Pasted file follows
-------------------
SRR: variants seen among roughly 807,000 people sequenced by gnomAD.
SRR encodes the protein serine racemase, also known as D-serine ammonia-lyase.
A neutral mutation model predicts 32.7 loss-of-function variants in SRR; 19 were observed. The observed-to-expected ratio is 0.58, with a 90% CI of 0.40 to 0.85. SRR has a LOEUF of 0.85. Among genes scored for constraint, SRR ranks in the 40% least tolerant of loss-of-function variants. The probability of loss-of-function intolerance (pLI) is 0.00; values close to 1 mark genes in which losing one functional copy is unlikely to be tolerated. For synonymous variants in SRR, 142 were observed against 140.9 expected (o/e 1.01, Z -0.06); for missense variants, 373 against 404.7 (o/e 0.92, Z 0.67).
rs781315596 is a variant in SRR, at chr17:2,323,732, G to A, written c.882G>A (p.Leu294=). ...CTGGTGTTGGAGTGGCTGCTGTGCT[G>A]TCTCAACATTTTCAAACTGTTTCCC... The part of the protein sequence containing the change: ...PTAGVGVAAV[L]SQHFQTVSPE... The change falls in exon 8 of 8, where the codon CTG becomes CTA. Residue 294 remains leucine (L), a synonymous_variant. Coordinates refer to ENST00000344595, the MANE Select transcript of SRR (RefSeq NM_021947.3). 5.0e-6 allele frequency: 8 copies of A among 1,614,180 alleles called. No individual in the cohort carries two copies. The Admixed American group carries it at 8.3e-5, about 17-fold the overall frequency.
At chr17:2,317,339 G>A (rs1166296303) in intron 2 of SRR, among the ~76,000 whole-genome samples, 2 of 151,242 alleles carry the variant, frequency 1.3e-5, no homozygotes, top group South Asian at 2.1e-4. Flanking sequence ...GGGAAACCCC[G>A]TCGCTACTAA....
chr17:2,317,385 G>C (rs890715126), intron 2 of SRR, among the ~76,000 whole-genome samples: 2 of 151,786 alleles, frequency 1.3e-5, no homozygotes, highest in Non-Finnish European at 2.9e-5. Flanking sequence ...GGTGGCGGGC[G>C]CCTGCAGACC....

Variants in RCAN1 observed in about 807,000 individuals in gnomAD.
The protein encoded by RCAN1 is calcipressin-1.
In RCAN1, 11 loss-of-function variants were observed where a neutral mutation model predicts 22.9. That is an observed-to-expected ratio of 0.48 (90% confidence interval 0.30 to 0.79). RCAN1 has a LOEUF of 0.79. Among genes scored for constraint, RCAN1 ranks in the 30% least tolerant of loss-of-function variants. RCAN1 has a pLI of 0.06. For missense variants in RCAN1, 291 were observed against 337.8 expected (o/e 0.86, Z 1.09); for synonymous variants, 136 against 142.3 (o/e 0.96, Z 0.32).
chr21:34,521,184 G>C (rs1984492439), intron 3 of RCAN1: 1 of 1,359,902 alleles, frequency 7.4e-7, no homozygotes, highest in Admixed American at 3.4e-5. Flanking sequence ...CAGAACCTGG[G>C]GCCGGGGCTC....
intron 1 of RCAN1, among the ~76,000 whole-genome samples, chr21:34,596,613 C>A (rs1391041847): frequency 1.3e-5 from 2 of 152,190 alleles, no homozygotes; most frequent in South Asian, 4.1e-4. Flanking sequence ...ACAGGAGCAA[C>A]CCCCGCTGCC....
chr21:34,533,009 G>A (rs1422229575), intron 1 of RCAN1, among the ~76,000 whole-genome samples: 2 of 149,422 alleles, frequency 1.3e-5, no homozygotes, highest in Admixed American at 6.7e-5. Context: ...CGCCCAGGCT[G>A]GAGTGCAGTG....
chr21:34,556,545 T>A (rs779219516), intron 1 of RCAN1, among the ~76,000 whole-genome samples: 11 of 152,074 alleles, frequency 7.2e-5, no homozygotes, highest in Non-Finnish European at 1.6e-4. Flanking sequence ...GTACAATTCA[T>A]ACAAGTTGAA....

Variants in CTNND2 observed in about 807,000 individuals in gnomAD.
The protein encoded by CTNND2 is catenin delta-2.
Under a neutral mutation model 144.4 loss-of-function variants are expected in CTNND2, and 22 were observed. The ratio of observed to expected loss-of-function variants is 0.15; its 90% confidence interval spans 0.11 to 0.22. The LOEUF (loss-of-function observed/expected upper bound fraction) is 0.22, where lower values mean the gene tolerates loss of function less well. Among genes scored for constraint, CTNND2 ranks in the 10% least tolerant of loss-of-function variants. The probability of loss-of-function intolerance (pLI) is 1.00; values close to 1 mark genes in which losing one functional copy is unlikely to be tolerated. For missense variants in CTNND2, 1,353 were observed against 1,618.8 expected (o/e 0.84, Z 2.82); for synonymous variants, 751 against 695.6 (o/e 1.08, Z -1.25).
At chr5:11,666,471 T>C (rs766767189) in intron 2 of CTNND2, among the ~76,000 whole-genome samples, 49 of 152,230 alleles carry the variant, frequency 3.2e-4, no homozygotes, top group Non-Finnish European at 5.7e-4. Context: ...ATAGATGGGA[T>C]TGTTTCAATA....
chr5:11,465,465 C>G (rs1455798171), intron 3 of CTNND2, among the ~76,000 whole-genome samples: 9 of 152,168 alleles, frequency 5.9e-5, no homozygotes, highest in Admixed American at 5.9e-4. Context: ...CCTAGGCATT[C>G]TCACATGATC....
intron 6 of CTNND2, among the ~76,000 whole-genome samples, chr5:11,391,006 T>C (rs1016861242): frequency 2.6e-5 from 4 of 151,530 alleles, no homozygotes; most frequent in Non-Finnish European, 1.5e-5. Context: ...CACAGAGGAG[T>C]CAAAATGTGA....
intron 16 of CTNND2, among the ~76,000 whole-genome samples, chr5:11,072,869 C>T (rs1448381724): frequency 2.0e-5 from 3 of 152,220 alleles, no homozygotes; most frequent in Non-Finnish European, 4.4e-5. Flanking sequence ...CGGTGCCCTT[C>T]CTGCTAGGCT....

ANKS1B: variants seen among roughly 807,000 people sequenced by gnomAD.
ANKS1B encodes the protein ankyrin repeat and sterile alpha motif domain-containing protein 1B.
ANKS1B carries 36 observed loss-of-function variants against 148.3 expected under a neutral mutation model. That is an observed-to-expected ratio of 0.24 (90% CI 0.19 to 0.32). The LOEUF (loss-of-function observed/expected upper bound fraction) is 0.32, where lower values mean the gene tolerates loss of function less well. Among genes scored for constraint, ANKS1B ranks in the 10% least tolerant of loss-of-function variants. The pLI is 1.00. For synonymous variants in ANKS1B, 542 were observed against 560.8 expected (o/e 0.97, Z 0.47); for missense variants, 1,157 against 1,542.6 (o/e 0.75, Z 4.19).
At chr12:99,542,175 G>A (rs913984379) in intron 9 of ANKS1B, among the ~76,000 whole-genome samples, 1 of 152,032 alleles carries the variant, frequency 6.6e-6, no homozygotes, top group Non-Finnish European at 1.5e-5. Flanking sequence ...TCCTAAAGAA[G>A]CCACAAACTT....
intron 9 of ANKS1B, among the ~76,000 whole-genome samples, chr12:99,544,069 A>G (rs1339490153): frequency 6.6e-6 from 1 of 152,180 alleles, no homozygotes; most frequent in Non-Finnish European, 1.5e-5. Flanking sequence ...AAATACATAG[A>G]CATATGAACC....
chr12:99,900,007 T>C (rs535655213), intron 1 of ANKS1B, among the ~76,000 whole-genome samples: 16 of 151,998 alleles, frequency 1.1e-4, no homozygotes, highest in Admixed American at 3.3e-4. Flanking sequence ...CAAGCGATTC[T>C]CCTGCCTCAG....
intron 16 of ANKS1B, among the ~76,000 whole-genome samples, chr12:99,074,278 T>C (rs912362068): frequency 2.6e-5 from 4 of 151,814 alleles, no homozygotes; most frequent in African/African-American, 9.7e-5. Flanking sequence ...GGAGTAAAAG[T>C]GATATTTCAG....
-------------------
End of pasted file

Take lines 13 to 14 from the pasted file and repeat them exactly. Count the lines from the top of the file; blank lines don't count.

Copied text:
chr21:34,556,545 T>A (rs779219516), intron 1 of RCAN1, among the ~76,000 whole-genome samples: 11 of 152,074 alleles, frequency 7.2e-5, no homozygotes, highest in Non-Finnish European at 1.6e-4. Flanking sequence ...GTACAATTCA[T>A]ACAAGTTGAA....

Variants in CTNND2 observed in about 807,000 individuals in gnomAD.